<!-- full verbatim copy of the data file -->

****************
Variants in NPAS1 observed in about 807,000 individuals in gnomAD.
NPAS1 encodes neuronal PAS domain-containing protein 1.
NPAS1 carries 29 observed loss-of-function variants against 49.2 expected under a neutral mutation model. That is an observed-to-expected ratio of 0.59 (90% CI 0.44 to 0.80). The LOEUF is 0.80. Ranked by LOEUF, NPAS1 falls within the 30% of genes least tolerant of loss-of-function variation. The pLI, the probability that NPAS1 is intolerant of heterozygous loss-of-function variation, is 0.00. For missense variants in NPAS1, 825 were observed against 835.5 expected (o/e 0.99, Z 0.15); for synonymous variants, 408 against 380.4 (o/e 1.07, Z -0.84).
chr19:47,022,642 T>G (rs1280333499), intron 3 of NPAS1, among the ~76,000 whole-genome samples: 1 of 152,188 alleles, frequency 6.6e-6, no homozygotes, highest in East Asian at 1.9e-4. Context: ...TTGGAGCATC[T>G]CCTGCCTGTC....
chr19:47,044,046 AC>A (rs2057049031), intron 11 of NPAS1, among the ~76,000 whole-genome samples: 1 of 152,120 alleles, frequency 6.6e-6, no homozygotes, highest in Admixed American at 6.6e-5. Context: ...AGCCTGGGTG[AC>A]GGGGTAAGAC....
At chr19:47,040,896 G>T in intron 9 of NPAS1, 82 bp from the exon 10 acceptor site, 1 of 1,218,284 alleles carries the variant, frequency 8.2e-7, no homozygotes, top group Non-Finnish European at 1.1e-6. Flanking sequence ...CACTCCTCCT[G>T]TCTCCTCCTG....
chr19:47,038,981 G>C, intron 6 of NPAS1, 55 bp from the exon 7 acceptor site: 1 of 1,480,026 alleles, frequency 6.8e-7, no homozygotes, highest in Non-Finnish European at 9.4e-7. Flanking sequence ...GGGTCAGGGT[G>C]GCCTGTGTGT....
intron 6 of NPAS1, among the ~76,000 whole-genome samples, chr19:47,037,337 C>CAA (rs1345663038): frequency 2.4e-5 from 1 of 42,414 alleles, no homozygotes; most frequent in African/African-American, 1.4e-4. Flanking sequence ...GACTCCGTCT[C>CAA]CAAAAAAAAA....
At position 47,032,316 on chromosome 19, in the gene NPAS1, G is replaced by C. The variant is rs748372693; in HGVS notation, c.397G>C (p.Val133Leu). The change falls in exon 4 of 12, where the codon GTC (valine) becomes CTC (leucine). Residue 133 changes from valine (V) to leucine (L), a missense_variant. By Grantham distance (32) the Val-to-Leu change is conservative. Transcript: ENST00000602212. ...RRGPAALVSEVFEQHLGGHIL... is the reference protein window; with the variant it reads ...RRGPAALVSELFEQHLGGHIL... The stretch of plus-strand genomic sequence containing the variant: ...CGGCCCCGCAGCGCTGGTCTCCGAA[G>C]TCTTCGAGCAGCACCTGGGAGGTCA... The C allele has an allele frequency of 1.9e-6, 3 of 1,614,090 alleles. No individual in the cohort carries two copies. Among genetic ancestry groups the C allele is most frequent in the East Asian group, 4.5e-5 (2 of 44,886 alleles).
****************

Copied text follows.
Variants in NPAS1 observed in about 807,000 individuals in gnomAD.
NPAS1 encodes neuronal PAS domain-containing protein 1.
NPAS1 carries 29 observed loss-of-function variants against 49.2 expected under a neutral mutation model. That is an observed-to-expected ratio of 0.59 (90% CI 0.44 to 0.80). The LOEUF is 0.80. Ranked by LOEUF, NPAS1 falls within the 30% of genes least tolerant of loss-of-function variation. The pLI, the probability that NPAS1 is intolerant of heterozygous loss-of-function variation, is 0.00. For missense variants in NPAS1, 825 were observed against 835.5 expected (o/e 0.99, Z 0.15); for synonymous variants, 408 against 380.4 (o/e 1.07, Z -0.84).
chr19:47,022,642 T>G (rs1280333499), intron 3 of NPAS1, among the ~76,000 whole-genome samples: 1 of 152,188 alleles, frequency 6.6e-6, no homozygotes, highest in East Asian at 1.9e-4. Context: ...TTGGAGCATC[T>G]CCTGCCTGTC....
chr19:47,044,046 AC>A (rs2057049031), intron 11 of NPAS1, among the ~76,000 whole-genome samples: 1 of 152,120 alleles, frequency 6.6e-6, no homozygotes, highest in Admixed American at 6.6e-5. Context: ...AGCCTGGGTG[AC>A]GGGGTAAGAC....
At chr19:47,040,896 G>T in intron 9 of NPAS1, 82 bp from the exon 10 acceptor site, 1 of 1,218,284 alleles carries the variant, frequency 8.2e-7, no homozygotes, top group Non-Finnish European at 1.1e-6. Flanking sequence ...CACTCCTCCT[G>T]TCTCCTCCTG....
chr19:47,038,981 G>C, intron 6 of NPAS1, 55 bp from the exon 7 acceptor site: 1 of 1,480,026 alleles, frequency 6.8e-7, no homozygotes, highest in Non-Finnish European at 9.4e-7. Flanking sequence ...GGGTCAGGGT[G>C]GCCTGTGTGT....
intron 6 of NPAS1, among the ~76,000 whole-genome samples, chr19:47,037,337 C>CAA (rs1345663038): frequency 2.4e-5 from 1 of 42,414 alleles, no homozygotes; most frequent in African/African-American, 1.4e-4. Flanking sequence ...GACTCCGTCT[C>CAA]CAAAAAAAAA....
At position 47,032,316 on chromosome 19, in the gene NPAS1, G is replaced by C. The variant is rs748372693; in HGVS notation, c.397G>C (p.Val133Leu). The change falls in exon 4 of 12, where the codon GTC (valine) becomes CTC (leucine). Residue 133 changes from valine (V) to leucine (L), a missense_variant. By Grantham distance (32) the Val-to-Leu change is conservative. Transcript: ENST00000602212. ...RRGPAALVSEVFEQHLGGHIL... is the reference protein window; with the variant it reads ...RRGPAALVSELFEQHLGGHIL... The stretch of plus-strand genomic sequence containing the variant: ...CGGCCCCGCAGCGCTGGTCTCCGAA[G>C]TCTTCGAGCAGCACCTGGGAGGTCA... The C allele has an allele frequency of 1.9e-6, 3 of 1,614,090 alleles. No individual in the cohort carries two copies. Among genetic ancestry groups the C allele is most frequent in the East Asian group, 4.5e-5 (2 of 44,886 alleles).